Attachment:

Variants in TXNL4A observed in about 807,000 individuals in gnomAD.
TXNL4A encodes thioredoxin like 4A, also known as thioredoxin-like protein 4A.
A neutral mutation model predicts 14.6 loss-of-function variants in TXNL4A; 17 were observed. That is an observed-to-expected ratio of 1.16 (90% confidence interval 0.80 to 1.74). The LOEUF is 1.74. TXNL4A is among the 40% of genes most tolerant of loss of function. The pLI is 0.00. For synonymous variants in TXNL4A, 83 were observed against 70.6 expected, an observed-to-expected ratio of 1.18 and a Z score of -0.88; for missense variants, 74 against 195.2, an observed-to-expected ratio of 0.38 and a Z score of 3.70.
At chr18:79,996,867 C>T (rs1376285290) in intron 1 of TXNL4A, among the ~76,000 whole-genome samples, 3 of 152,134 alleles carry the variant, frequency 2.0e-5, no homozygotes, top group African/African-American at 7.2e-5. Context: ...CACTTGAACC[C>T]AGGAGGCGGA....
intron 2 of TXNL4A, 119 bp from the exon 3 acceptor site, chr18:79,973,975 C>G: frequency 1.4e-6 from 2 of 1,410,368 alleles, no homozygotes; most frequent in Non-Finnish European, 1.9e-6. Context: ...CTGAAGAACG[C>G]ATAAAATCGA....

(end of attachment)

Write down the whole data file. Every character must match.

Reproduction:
Variants in TXNL4A observed in about 807,000 individuals in gnomAD.
TXNL4A encodes thioredoxin like 4A, also known as thioredoxin-like protein 4A.
A neutral mutation model predicts 14.6 loss-of-function variants in TXNL4A; 17 were observed. That is an observed-to-expected ratio of 1.16 (90% confidence interval 0.80 to 1.74). The LOEUF is 1.74. TXNL4A is among the 40% of genes most tolerant of loss of function. The pLI is 0.00. For synonymous variants in TXNL4A, 83 were observed against 70.6 expected, an observed-to-expected ratio of 1.18 and a Z score of -0.88; for missense variants, 74 against 195.2, an observed-to-expected ratio of 0.38 and a Z score of 3.70.
At chr18:79,996,867 C>T (rs1376285290) in intron 1 of TXNL4A, among the ~76,000 whole-genome samples, 3 of 152,134 alleles carry the variant, frequency 2.0e-5, no homozygotes, top group African/African-American at 7.2e-5. Context: ...CACTTGAACC[C>T]AGGAGGCGGA....
intron 2 of TXNL4A, 119 bp from the exon 3 acceptor site, chr18:79,973,975 C>G: frequency 1.4e-6 from 2 of 1,410,368 alleles, no homozygotes; most frequent in Non-Finnish European, 1.9e-6. Context: ...CTGAAGAACG[C>G]ATAAAATCGA....